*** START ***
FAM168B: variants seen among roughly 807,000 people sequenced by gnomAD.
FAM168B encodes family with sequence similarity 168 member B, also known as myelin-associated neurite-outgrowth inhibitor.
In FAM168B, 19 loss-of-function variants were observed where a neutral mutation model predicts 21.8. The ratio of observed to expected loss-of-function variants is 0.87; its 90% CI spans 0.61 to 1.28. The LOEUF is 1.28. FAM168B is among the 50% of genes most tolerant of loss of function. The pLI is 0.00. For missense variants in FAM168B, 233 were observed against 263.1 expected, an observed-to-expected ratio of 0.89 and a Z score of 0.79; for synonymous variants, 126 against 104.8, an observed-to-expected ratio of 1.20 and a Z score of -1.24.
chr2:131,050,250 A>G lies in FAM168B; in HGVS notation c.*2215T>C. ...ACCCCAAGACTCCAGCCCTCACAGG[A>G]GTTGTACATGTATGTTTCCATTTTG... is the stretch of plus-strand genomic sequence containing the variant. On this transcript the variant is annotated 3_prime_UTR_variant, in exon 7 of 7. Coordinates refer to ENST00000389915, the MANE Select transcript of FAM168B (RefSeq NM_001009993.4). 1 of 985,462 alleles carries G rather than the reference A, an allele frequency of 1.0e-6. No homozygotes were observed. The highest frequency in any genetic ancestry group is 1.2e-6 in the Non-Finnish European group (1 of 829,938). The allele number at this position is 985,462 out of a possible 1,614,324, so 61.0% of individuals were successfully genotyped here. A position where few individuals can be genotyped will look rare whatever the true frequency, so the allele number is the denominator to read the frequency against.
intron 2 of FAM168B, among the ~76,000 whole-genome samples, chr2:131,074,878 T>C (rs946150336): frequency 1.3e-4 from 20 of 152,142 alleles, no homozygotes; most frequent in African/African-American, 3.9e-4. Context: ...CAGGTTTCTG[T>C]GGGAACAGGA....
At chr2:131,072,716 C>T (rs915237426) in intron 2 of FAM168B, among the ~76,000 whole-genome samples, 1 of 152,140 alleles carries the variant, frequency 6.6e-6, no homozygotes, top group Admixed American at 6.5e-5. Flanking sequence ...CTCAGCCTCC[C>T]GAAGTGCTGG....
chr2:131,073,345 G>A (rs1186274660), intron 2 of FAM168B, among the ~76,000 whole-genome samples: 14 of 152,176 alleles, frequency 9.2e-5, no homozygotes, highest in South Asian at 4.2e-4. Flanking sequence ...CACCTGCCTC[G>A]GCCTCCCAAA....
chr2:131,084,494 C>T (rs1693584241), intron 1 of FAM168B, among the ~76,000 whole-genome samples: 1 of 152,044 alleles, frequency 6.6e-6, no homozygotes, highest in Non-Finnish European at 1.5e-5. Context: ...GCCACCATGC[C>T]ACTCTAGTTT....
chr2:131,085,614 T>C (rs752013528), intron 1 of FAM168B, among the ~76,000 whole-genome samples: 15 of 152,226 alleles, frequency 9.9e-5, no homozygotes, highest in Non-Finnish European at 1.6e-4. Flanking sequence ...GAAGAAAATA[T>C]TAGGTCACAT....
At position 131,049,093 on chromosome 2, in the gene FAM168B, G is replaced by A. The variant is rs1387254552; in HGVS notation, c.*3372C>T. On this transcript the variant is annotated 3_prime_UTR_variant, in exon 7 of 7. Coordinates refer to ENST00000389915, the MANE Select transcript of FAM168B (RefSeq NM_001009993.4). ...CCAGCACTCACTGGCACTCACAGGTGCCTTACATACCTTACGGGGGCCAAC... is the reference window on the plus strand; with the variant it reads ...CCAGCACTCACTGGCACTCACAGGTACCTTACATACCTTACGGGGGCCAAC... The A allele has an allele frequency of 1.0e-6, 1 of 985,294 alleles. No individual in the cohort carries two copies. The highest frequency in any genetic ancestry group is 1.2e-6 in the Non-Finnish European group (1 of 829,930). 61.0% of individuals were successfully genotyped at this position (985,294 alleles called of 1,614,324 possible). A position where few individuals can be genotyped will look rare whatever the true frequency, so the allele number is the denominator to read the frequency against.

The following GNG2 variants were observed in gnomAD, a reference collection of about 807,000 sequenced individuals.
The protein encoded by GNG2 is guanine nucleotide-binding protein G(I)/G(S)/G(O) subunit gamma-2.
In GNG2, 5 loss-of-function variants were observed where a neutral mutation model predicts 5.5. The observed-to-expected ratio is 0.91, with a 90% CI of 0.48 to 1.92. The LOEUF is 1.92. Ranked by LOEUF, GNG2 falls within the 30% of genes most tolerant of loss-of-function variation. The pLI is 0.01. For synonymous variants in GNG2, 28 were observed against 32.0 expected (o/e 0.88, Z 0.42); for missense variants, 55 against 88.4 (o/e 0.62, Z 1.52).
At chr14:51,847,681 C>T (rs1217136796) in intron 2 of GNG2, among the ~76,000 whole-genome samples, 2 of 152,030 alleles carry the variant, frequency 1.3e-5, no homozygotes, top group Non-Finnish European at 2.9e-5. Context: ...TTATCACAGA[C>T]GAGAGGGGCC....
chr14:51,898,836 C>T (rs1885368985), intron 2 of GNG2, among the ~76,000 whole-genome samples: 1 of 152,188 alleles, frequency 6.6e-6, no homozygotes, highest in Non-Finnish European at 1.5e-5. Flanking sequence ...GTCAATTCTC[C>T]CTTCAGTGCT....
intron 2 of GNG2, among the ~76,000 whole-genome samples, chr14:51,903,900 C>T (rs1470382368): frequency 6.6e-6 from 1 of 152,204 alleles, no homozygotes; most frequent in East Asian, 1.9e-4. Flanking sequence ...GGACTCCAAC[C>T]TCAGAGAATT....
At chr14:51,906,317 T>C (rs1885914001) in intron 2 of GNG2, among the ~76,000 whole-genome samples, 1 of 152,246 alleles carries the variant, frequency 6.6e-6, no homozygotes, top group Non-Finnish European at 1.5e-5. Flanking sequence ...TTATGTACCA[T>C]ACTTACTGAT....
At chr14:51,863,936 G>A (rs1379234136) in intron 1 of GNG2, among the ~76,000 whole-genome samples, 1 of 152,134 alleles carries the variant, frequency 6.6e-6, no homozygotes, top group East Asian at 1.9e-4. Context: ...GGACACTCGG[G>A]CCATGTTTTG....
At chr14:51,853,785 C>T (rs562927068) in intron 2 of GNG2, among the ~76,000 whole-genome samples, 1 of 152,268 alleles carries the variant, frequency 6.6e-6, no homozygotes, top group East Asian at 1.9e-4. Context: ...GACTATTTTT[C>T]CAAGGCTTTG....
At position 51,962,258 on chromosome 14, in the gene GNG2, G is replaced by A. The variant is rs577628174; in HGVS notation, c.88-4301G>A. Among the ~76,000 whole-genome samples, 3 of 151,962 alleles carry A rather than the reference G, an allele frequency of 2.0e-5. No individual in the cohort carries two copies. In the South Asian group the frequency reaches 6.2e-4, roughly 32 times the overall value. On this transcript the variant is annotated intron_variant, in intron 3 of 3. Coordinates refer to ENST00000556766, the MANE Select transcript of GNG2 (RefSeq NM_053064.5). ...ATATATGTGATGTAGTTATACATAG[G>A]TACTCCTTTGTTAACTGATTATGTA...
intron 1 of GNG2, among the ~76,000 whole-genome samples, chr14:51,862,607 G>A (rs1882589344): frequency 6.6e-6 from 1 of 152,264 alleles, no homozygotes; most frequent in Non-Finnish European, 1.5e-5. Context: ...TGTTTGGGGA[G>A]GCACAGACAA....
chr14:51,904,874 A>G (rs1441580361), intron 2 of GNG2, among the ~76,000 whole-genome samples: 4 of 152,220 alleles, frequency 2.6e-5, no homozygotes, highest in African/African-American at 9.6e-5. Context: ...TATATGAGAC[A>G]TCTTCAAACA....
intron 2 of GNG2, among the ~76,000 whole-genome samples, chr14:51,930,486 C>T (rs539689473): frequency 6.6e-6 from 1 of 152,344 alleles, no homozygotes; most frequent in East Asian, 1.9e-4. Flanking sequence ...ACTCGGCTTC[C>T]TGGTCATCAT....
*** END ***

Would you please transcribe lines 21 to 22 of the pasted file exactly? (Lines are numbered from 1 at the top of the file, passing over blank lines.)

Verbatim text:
intron 1 of GNG2, among the ~76,000 whole-genome samples, chr14:51,862,607 G>A (rs1882589344): frequency 6.6e-6 from 1 of 152,264 alleles, no homozygotes; most frequent in Non-Finnish European, 1.5e-5. Context: ...TGTTTGGGGA[G>A]GCACAGACAA....
chr14:51,904,874 A>G (rs1441580361), intron 2 of GNG2, among the ~76,000 whole-genome samples: 4 of 152,220 alleles, frequency 2.6e-5, no homozygotes, highest in African/African-American at 9.6e-5. Context: ...TATATGAGAC[A>G]TCTTCAAACA....